Atop the whole shebang is my third floor office. I’m up here all by myself. Just me and the ghosts.

It’s, as I like to say, “Four floors, a million stories.”

Even though it’s possible for me to go days without seeing anyone but Buck, I mostly dress like I’m a prosperous businessman, like a man who since 1980 has owned a thriving and profitable business.

That’s what Buck is. But for some reason Buck every day chooses to dress like a man who is expecting at any minute to be asked to spring off his bar stool and help gut a deer.

I have an office in the building. Buck does not. 

So the perceptions of our appearances make pretending I’m Buck to be a cinch.

I do it about once a month or so when I hear the stairs creak and sense Buck is about to talk building business with some unwitting salesperson or prospective waitress.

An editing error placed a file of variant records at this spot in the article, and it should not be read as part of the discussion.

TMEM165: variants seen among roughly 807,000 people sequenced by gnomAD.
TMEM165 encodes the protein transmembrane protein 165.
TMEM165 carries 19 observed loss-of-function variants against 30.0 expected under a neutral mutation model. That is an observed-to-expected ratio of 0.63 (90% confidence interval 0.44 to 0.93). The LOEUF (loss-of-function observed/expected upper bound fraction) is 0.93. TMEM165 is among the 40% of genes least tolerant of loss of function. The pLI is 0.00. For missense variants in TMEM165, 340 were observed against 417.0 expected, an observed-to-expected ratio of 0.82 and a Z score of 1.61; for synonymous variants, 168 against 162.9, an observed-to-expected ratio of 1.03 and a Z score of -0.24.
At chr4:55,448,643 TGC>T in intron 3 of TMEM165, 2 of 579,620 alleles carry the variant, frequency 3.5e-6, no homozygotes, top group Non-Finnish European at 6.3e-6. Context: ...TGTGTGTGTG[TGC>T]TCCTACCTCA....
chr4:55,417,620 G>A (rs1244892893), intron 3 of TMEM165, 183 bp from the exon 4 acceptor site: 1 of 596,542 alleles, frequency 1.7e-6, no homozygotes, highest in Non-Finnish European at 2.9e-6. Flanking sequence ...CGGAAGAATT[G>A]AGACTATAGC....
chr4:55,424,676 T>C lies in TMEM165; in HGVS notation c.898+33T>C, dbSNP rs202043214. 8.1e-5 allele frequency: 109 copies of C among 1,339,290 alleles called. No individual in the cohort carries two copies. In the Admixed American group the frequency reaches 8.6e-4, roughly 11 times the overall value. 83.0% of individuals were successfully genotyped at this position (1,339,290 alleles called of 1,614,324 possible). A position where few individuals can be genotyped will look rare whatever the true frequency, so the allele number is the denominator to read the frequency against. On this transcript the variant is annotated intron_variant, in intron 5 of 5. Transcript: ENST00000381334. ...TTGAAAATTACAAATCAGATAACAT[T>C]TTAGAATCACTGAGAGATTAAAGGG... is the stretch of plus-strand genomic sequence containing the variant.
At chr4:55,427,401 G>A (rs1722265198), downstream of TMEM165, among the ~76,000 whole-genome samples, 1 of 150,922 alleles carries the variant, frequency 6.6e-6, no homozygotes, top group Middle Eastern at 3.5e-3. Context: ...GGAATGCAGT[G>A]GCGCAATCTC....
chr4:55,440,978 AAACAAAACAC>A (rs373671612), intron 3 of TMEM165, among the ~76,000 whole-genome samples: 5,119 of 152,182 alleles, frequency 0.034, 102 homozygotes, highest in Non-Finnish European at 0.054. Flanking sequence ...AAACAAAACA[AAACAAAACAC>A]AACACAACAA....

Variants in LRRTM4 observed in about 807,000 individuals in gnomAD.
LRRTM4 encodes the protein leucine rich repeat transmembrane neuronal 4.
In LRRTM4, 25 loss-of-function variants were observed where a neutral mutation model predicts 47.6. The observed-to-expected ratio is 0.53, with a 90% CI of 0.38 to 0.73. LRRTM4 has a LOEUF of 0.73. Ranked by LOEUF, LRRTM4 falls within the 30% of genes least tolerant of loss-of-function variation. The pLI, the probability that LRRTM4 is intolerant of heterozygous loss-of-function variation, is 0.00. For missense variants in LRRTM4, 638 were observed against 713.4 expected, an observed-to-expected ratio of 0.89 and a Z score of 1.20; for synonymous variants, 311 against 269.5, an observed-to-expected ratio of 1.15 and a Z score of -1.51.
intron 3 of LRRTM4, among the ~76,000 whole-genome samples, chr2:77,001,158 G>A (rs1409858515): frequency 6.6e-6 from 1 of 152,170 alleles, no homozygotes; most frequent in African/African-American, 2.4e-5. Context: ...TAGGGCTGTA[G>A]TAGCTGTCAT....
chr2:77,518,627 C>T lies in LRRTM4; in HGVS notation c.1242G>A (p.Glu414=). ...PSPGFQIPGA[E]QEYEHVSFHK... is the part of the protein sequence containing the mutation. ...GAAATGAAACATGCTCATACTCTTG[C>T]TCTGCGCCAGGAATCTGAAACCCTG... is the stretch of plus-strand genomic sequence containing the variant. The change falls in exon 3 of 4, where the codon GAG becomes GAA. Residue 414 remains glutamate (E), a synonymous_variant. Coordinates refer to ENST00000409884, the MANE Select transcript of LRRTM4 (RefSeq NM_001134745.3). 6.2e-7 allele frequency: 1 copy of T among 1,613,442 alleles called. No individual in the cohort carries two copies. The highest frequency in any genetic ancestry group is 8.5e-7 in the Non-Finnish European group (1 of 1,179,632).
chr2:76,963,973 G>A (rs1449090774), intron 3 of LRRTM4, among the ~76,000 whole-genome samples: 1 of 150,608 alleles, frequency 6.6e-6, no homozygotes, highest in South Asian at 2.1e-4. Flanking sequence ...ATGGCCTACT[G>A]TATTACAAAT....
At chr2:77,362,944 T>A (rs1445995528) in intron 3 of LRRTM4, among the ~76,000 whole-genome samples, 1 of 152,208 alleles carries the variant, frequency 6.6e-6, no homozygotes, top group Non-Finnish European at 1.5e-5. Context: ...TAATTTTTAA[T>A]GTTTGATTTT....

I storm into the room and seethe at the real Buck (insert obvious profanity), “Are you pretending you’re me again? I told you I’d fire your butt if I caught you pulling this stunt again. Now, get your mop bucket and go scrub that toilet in the ladies room. Move!”

I then cooly turn my full attention to the visitor, adopt a warm professional demeanor and say, “Hi, I’m Buck. What can I do for you?”

The total bewilderment of the stranger is a joy to behold, and is in stark contrast to the face of Buck, which looks consumed with thoughts of dismembering me.

It’s a good thing — for me, at least — he’s never acted on the homicidal impulse. It could jeopardize his four-decade plus “Employee of the Month” streak, one notable  for him being both selector and recipient, which must be some sort of record for either employee performance or crass nepotism.

There have been fears recently the streak would end for reasons — not of long overdue fairness — but for harsh mortality.